Allison's mom wanted her daughter, who has a a progressive genetic disorder that impacts the nerves that control her muscles, to ride a bike with her family. They all love bike riding, but Allison can't ride a bike on her own. V-LINC partner UMBC Mechanical Engineering, assign a student team to the project. They adapted a mom-sized 26" tandem bike and custom fit the back of the bike added a high back seat with a safety harness and handlebars for Allison. They included a kickstand so mom can strap her in without balancing the bike too. Allison can pedal when she wants or just go for a ride!
Here is the letter that Allison's mom sent to Angela at V-LINC:
We thank you all very much for allowing this priceless experience for her, while she is still able , to enjoy it. Allison’s disease is searchable through CureSMA.org, if information is needed.
The last day of Summer Camp! Deputy Secretary Bill Frank visited our Inclusive day camp today to learn how Maryland’s first Inclusive Camp gives extra support to build confidence and boost learning skills with all children. He watches one camper use her iPad to make a web site with her photo (above). Two campers from our first session of camp enjoy each other, below left.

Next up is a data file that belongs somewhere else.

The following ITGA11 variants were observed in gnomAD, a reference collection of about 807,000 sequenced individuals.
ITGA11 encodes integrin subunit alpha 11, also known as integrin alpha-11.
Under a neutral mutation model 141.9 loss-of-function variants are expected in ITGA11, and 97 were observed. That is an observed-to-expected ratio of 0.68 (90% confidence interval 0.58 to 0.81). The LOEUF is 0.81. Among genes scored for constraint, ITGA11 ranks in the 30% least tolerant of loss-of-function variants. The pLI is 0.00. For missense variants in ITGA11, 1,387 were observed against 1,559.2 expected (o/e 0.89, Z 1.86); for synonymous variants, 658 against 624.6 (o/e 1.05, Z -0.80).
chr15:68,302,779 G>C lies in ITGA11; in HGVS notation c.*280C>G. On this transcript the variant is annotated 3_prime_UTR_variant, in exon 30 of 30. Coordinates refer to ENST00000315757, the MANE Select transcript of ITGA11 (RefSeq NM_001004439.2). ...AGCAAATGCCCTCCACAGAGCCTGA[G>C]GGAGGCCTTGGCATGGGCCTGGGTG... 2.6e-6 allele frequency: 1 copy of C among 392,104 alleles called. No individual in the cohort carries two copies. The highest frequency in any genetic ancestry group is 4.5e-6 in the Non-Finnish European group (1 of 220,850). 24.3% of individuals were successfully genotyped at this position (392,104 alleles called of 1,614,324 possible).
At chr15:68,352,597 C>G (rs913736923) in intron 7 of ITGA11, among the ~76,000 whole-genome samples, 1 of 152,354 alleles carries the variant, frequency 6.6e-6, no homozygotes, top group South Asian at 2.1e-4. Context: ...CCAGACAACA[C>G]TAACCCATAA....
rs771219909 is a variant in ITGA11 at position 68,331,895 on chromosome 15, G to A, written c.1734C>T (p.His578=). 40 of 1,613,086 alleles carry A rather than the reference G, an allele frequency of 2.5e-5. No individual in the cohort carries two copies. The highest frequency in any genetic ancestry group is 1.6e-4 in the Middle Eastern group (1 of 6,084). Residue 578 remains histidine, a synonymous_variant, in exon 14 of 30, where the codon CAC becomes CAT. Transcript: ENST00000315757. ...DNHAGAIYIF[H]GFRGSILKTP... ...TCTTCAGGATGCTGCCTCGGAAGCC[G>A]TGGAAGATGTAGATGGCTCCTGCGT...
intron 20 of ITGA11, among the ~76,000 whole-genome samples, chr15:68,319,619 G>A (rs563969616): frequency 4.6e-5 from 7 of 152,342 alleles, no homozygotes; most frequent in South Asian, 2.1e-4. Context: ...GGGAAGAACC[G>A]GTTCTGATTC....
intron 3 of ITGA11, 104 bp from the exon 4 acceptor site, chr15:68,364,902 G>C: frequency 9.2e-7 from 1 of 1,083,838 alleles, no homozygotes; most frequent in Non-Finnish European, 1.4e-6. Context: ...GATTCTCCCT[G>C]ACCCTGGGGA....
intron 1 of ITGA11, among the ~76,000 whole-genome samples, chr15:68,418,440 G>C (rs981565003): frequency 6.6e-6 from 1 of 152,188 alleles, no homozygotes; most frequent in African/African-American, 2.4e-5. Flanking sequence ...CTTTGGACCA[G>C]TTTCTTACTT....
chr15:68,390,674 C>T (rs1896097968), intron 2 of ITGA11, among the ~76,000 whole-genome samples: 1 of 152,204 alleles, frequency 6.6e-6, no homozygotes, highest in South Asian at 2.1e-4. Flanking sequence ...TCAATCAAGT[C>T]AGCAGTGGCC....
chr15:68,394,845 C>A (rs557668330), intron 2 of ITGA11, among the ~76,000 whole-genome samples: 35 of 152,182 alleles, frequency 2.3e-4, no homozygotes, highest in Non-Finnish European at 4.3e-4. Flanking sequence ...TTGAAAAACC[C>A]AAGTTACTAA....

Campers come in every size, shape, color, and ability. They are 7 to 14 years old and really enjoy their time with us. Camp Director Monica Planas had every minute of their day planned and sent parents the schedule before camp so that everyone could be prepared for their trip to Port Discovery, the Aquarium or bowling.
We were especially pleased that representatives of both the Maryland Department of Disabilities and The Harry and Jeanette Weinberg Foundation visited V-LINC’s camp this summer!
It's just different... Blind since birth,
Mike has no shortage of ideas about how he hopes people will approach him ... beginning with RELAX! And don't assume he needs help!
Mike is dedicated to promoting a new shared thinking about the meaning of disability for everyone. Do not make the assumption that someone with a disability is not in charge of his life. And don’t invade his space before making certain he has the opportunity to act or make a decision on his own.